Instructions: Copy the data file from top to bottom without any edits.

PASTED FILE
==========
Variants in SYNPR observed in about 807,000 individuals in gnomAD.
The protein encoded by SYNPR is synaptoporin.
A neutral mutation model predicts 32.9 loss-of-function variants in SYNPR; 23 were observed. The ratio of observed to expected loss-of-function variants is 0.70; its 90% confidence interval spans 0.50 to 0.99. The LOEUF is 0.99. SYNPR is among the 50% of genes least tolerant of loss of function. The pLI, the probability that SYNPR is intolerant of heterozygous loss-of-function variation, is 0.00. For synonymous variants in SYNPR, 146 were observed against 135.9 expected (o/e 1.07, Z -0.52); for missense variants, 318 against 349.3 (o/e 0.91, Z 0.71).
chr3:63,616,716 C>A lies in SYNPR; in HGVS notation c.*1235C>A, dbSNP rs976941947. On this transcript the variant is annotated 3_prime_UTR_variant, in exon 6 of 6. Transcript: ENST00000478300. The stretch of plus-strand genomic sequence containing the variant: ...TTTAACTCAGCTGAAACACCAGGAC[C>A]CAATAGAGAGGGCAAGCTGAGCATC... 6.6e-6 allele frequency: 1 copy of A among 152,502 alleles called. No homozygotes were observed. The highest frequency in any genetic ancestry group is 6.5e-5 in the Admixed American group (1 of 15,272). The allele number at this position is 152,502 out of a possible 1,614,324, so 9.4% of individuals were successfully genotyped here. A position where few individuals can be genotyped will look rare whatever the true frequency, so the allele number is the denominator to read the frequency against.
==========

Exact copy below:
Variants in SYNPR observed in about 807,000 individuals in gnomAD.
The protein encoded by SYNPR is synaptoporin.
A neutral mutation model predicts 32.9 loss-of-function variants in SYNPR; 23 were observed. The ratio of observed to expected loss-of-function variants is 0.70; its 90% confidence interval spans 0.50 to 0.99. The LOEUF is 0.99. SYNPR is among the 50% of genes least tolerant of loss of function. The pLI, the probability that SYNPR is intolerant of heterozygous loss-of-function variation, is 0.00. For synonymous variants in SYNPR, 146 were observed against 135.9 expected (o/e 1.07, Z -0.52); for missense variants, 318 against 349.3 (o/e 0.91, Z 0.71).
chr3:63,616,716 C>A lies in SYNPR; in HGVS notation c.*1235C>A, dbSNP rs976941947. On this transcript the variant is annotated 3_prime_UTR_variant, in exon 6 of 6. Transcript: ENST00000478300. The stretch of plus-strand genomic sequence containing the variant: ...TTTAACTCAGCTGAAACACCAGGAC[C>A]CAATAGAGAGGGCAAGCTGAGCATC... 6.6e-6 allele frequency: 1 copy of A among 152,502 alleles called. No homozygotes were observed. The highest frequency in any genetic ancestry group is 6.5e-5 in the Admixed American group (1 of 15,272). The allele number at this position is 152,502 out of a possible 1,614,324, so 9.4% of individuals were successfully genotyped here. A position where few individuals can be genotyped will look rare whatever the true frequency, so the allele number is the denominator to read the frequency against.